I have been observing writers lately at all stages of development, mostly through the Facebook posts of my fellow indies, and I've been relating some of their comments to where I was back in 1969 (wow -- 47 years ago!)  Shortly after I began to publish in 2011, somebody made a comment that I seemed so confident.  I guess that's because I already had over 40 years' experience thinking of myself as a writer and I really didn't feel insecure about the craft.

     I did go through some of the same stages, however, that neophytes experience.  I'll present them here, along with some advice for beginners.

1. Hey, I just discovered that I really can write a story!
      It's such a thrilling novelty to discover that you CAN construct a story and write it down. This happened to me in 1969, after I first read Tolkien. The idea that his elves were immortal struck a chord and I began to wonder what an immortal race would really be like -- how would it affect their view of life (you can see that the psychology of the human, or elvish, condition was already something I was interested in).  I became fixated on the idea of immortality and it dominated my writing all the way through two constructed worlds (see The Blessing of Krozem -- FREE on Smashwords).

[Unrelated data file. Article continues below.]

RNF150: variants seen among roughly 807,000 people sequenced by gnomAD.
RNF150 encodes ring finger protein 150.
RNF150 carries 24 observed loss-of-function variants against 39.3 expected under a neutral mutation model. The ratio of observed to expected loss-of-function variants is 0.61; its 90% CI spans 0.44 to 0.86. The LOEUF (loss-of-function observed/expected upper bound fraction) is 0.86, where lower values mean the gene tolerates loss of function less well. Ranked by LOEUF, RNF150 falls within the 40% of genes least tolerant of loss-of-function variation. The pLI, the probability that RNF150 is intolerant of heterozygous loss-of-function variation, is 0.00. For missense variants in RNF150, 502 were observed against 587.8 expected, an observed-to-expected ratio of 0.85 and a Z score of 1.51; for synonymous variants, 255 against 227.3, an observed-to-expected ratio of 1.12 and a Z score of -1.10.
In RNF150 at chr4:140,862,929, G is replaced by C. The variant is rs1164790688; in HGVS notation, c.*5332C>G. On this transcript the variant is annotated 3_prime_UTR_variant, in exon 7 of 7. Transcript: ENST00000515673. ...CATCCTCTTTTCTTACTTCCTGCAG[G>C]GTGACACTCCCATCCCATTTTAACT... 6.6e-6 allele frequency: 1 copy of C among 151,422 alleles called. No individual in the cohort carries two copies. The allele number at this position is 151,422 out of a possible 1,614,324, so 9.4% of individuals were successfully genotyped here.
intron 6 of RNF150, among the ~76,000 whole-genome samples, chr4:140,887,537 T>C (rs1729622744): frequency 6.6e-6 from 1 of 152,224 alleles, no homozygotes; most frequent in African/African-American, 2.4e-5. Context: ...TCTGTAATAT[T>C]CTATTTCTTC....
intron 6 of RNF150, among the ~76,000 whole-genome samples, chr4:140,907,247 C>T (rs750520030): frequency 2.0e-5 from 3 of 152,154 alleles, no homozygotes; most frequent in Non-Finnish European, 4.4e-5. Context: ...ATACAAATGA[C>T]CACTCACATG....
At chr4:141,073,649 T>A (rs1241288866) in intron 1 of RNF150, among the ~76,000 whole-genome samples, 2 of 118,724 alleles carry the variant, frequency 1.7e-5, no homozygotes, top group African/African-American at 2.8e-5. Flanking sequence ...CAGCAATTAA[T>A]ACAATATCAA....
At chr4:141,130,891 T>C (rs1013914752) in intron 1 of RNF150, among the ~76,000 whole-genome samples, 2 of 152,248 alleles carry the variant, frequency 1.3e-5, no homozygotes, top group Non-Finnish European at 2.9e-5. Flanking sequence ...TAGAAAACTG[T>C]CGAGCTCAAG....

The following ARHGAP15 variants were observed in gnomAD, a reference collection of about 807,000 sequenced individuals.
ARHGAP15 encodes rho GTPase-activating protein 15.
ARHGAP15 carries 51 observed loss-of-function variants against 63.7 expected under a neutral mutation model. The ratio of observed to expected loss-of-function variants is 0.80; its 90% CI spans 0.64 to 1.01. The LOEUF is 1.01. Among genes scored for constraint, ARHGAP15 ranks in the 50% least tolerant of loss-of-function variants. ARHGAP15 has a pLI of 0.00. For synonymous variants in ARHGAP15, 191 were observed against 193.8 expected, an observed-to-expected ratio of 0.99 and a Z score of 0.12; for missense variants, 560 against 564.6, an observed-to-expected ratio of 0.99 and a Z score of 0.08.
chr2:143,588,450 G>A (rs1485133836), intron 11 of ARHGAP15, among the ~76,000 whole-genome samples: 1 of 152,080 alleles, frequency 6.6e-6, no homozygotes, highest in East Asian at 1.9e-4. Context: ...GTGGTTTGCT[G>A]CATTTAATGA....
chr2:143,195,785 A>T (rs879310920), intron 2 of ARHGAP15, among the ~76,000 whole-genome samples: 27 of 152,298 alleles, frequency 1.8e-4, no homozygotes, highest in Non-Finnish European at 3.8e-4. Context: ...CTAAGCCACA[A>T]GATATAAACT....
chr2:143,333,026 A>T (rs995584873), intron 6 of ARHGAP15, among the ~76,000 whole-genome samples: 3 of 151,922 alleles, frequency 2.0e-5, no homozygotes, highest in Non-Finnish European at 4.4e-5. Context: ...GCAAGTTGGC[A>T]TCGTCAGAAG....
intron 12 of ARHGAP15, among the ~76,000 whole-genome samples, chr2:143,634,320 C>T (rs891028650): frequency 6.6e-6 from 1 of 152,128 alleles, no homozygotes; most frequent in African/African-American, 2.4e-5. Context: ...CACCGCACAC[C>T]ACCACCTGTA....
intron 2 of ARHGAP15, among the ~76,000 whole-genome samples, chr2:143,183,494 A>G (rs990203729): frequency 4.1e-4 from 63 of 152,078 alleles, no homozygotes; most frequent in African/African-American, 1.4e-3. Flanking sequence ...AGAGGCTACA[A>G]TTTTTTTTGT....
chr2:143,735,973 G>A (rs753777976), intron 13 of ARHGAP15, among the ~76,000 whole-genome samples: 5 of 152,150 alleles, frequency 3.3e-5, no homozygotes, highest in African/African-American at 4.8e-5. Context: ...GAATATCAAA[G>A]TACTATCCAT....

2. Becoming obsessed with writing
     It's all you want to do, 24 hours a day if you could, and you resent anything that gets in the way, which can make life stressful for the people you live around.  Believe me, I've been there.

2. Dissatisfaction with the results
     My first efforts resulted in an endless and out-of-control plot.  I discovered that it's not enough to have a beginning and an end -- you've also got to have something decent to put in the middle.  I discovered what is my bane (maybe not other people's) -- the curse of improvisation:  too many subplots, too many fascinating new characters who just beg to be developed.  This leads to endless editing, frustration, and a final recognition that that first story can never reduced to anything publishable.  Unfortunately, that problem still persists for me, although not as uncontrollably.